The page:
Ultimately, the role of the public administrator is to keep the various components of a government agency operating in an effective, economically efficient manner. By developing new policies and overseeing the execution of existing ones, those in public administration roles are key to making the government work for its people as intended. This can make a public administration role immensely satisfying, and with employment growing in federal, state, and local agencies, there is certain to be demand for public administrators for decades to come.
Public Administration Career Paths
Not all careers obtainable through an MPA program and diploma are government jobs. Many private businesses and nonprofit organizations also need people on staff trained and experienced in public administration. The skillset obtained through an MPA education can come in handy in schools, policy implementation, marketing analysis, and training.
What a public administrator does can involve working in government administrative or fiscal roles or within nonprofit organizations. Career options for professionals with an MPA include:
1. City Manager
City managers prepare and manage budgets, oversee government operations and personnel, and coordinate with elected officials and council members, among other tasks. As of December 2021, PayScale lists the median annual salary for city managers at around $92,100.
2. Urban Planner
Urban planners are responsible for developing and administering programs that help communities accommodate growth and revitalization. As of May 2020, planners have a median annual salary of $75,950, according to the U.S. Bureau of Labor Statistics (BLS).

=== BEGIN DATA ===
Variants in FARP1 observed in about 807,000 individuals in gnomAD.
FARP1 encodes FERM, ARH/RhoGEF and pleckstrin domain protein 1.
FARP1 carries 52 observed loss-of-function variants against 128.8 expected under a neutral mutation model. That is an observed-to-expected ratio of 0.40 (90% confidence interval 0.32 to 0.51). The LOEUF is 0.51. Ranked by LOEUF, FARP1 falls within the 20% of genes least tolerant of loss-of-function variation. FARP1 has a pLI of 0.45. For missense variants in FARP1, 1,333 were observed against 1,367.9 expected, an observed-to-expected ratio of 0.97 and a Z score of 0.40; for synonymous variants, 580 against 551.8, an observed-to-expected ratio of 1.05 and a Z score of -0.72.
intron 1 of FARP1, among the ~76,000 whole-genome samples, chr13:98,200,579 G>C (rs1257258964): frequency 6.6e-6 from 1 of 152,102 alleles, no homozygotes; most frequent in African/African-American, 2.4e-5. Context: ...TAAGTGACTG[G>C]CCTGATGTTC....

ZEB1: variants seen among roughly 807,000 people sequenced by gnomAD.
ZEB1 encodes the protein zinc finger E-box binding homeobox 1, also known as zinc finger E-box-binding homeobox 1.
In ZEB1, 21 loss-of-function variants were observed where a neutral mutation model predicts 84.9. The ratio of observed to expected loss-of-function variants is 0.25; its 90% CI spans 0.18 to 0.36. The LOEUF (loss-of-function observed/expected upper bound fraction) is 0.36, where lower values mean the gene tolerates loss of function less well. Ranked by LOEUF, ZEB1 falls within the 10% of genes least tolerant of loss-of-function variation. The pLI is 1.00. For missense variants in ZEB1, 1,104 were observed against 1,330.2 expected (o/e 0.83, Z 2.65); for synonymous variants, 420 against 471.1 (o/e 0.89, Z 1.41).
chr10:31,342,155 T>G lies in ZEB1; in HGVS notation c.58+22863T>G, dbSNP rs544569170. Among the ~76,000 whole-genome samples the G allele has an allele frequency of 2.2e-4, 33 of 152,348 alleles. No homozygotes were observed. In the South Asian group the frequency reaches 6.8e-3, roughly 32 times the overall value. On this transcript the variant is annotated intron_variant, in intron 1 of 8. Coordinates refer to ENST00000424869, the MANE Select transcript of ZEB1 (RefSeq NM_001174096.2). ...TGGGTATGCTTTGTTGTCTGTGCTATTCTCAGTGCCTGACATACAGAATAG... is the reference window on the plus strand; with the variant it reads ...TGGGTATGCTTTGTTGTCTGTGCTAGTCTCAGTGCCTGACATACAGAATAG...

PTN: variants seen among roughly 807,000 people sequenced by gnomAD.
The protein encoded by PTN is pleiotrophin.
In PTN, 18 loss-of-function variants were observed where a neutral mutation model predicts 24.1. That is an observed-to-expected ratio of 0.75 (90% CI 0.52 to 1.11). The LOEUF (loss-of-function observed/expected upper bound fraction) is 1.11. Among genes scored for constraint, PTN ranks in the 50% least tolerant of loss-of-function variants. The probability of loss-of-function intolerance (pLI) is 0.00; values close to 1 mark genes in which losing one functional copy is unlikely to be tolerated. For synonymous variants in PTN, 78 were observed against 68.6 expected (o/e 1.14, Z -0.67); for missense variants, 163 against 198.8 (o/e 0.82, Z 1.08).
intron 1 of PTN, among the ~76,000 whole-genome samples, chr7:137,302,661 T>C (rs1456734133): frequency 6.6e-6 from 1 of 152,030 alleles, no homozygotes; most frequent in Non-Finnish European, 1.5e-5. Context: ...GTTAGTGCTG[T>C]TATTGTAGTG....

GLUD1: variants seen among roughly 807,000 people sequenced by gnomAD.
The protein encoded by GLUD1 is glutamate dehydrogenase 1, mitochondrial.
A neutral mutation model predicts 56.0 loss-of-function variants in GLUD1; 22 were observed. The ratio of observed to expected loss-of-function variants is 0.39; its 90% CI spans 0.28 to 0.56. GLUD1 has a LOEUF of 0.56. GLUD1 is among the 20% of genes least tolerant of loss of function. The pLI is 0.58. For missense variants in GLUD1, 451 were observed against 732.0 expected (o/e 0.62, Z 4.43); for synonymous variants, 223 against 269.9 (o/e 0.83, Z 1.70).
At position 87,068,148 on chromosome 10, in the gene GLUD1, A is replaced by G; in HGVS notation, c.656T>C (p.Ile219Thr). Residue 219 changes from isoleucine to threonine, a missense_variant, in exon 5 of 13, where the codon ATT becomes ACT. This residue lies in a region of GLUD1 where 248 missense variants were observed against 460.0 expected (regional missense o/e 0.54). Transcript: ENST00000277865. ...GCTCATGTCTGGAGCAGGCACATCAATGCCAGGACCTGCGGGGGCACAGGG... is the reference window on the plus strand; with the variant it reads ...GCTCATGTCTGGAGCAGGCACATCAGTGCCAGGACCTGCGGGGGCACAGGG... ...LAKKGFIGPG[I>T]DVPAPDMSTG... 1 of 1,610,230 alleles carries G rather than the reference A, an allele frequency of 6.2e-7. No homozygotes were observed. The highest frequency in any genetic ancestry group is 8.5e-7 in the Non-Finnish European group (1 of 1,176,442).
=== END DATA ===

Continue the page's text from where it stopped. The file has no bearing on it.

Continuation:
3. City Council Member
City council members are elected officials whose duties include attending local board meetings, representing constituents, implementing laws, and promoting safety. PayScale reports that the median annual wage for city council members is around $50,000 as of January 2022, although it should be noted that salaries can vary widely, depending on location and the size of the municipality.
Some lobbyists in the public sector work on behalf of local, state, or federal agencies or governments to advance that organization’s interests with certain legislative bodies. Their responsibilities may include lining up backers for a particular bill. However, exact duties vary by employer, state, and level of government. According to PayScale, the median annual salary for lobbyists as of December 2021 is approximately $75,400. PayScale also notes the base salary for lobbyists ranges from $42,000 to $143,000 per year, depending on location and experience level.
5. Nonprofit Director
Like a corporate CEO, the executive director of a nonprofit holds the top administrative position in the organization. Directors provide strategic guidance, work with the board of directors and external stakeholders, and oversee public relations and fundraising efforts. Given their public spotlight, nonprofit directors must also maintain a spotless reputation that reflects the values of the organization. As of December 2021, the median yearly salary for executive directors of nonprofit organizations is about $68,200, according to PayScale.
Start Your Career with an MPA
What a public administrator does can make a huge difference to a community. Public administration jobs can offer professionals the unique opportunity to have an impact, whether at a national or local level. Making good on this opportunity can turn a public administration career into one that is incredibly satisfying.
Ohio University’s online Master of Public Administration program can help prepare you to pursue the career opportunities available in the public sector with the utmost confidence. With four concentrations — Public Leadership and Management, State and Local Government Management, Crisis and Emergency Management, and Non-Profit Management — the program can help you build your public administration skills in an area that aligns with your interests. Discover how you can pursue a career that changes lives with Ohio University.